You’ve heard of media in a business context; it’s the broad category that includes TV spots, print ads and online video marketing, but you might not understand how to assess its worth to your business.
With advertising and marketing agency trust at an all time low, how can you be sure you be sure you are spending money that is making you money? Here is how.
What a media audit is and why it is crucial for businesses
A media audit is an analysis of the quality and pricing of the media bought by the media agency used by a business. This acts as a check on the media agencies by assessing their performance. This helps to ensure that businesses are using media in the right way and that they are buying at the best price.
This is becoming increasingly crucial, not only because media spend is typically the largest line-item in the marketing budget, but with recent research suggesting that using agencies alone may not be the best idea for your business. A survey by independent media agency, Infectious Media, revealed that 53% of the marketers felt that media agencies are ‘untrustworthy’ and that 74% felt agencies don’t fully report financial data, amongst other damning findings.
By using a media audit to scrutinise media agency performance, these potential pitfalls of agencies can be eradicated. Media audits do this in a number of ways. One way is through setting incentive based KPI’s that set clear targets for the agencies to motivate them to work effectively. Another is to ensure an efficient working process of media agencies, such as by clearly defining their scope of work, team roles and responsibilities.
Scaling a business requires careful ROI analysis
The overarching benefit for effective media performance is better ROI from your media investment. By analysing the value of the media services you use, media audits will ensure that you can get the greatest ROI on media spend as possible. A number of different services carried out by media audits can help achieve this.
One way to ensure better ROI for media investment is determining an effective media strategy for a business with audience profiling. To carry this out, media audits will define the target audience of that company and decide what type of media they should be using accordingly. For example, if they are aiming at a younger audience, they may want to focus on online engagement rather than traditional marketing via methods like billboards or newspapers. They will also look at competitors to help determine this strategy.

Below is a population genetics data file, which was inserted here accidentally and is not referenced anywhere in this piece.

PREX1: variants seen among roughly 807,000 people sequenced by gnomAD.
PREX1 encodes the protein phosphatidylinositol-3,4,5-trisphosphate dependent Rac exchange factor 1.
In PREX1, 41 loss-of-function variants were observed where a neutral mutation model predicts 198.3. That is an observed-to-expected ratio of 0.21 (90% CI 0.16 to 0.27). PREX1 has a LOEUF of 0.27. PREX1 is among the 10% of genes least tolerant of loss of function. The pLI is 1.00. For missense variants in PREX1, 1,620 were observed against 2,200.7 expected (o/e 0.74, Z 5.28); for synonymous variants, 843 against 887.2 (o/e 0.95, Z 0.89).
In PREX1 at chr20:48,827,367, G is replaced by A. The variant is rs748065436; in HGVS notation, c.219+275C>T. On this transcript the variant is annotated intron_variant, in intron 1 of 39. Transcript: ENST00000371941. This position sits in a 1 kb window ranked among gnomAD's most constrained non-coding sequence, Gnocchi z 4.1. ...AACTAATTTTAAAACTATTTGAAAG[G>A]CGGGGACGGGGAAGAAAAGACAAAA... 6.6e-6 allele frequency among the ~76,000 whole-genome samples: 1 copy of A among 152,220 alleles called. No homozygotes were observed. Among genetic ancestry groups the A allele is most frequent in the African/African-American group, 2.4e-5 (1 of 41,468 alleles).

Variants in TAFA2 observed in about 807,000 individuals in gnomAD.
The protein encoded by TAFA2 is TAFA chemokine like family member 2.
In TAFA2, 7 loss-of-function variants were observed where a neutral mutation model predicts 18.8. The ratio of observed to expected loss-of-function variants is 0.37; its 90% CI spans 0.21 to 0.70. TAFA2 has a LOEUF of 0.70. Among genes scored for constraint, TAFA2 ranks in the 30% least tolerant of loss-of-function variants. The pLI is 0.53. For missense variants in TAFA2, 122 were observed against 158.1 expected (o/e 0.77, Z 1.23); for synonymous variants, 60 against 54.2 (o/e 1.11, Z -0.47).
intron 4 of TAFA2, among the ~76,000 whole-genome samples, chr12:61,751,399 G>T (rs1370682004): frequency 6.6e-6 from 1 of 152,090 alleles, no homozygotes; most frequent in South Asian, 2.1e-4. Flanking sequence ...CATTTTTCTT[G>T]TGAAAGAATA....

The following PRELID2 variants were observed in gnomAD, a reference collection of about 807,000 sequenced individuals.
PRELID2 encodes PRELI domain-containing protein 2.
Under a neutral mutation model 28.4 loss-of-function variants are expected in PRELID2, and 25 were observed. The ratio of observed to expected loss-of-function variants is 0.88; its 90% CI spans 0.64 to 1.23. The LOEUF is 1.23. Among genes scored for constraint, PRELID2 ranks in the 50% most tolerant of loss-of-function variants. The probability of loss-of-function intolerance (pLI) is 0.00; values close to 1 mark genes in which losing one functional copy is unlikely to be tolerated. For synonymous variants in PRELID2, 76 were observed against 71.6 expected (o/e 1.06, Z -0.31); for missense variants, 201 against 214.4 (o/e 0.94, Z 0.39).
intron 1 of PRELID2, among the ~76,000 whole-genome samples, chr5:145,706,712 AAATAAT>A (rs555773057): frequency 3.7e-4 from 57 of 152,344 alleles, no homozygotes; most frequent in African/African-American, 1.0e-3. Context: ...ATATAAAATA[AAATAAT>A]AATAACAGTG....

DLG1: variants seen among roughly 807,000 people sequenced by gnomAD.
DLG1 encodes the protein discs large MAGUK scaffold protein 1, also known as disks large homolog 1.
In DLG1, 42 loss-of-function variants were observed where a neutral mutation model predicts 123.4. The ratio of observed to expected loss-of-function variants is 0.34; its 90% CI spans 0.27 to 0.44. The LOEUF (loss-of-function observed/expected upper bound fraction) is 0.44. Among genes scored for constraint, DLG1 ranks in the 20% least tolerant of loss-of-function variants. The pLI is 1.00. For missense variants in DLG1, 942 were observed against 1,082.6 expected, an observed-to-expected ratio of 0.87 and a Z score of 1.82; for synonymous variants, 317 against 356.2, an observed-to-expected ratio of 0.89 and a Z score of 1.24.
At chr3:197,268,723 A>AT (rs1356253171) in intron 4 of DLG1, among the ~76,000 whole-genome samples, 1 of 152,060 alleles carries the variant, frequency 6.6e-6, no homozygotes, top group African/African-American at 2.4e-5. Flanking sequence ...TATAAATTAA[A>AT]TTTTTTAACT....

Media audits will also examine the pricing and budget for the media used by the company. They will advise on overall media investment, like what budget needs to be spent where and where costs can be cut. They then overall evaluate media cost and quality against targets and the previous year results, using benchmarking criteria. This again ensures businesses achieve better ROI and also helps them to accurately work out their profit projections for each year.
Outsource your media auditing unless you are an expert
It is recommended for the majority of companies you outsource your media auditing. Finding local costs, liaising between you and an agency and having objectivity for your media spending is usually better served through a third party. In addition, in order to help you understand how media agencies go about their work and how exactly the industry works, many media audit services also offer media training as part of their service. This means that you won’t feel out of the loop.
However, you don’t need to hire full time experts. Rather quarterly or annual audits are suggested through 3rd party companies. Only the largest companies will benefit from continuous media auditing, a high profile examples of this would be Airbnb hiring former Unilever marketer Geoff Seeley as their media director, although even he is still working alongside agency partners and independent data auditors.
Those in these type of roles oversee media spending and internal controls, giving their companies direct access to how they are spending their money on media. As well as employing people that are already trained in media spending, many companies have even taken the step of developing current employers if they are seen to have suitable skills for the role.
However, these moves may not be realistic or financially prudent for all companies. For many companies it makes more sense to outsource their media auditing.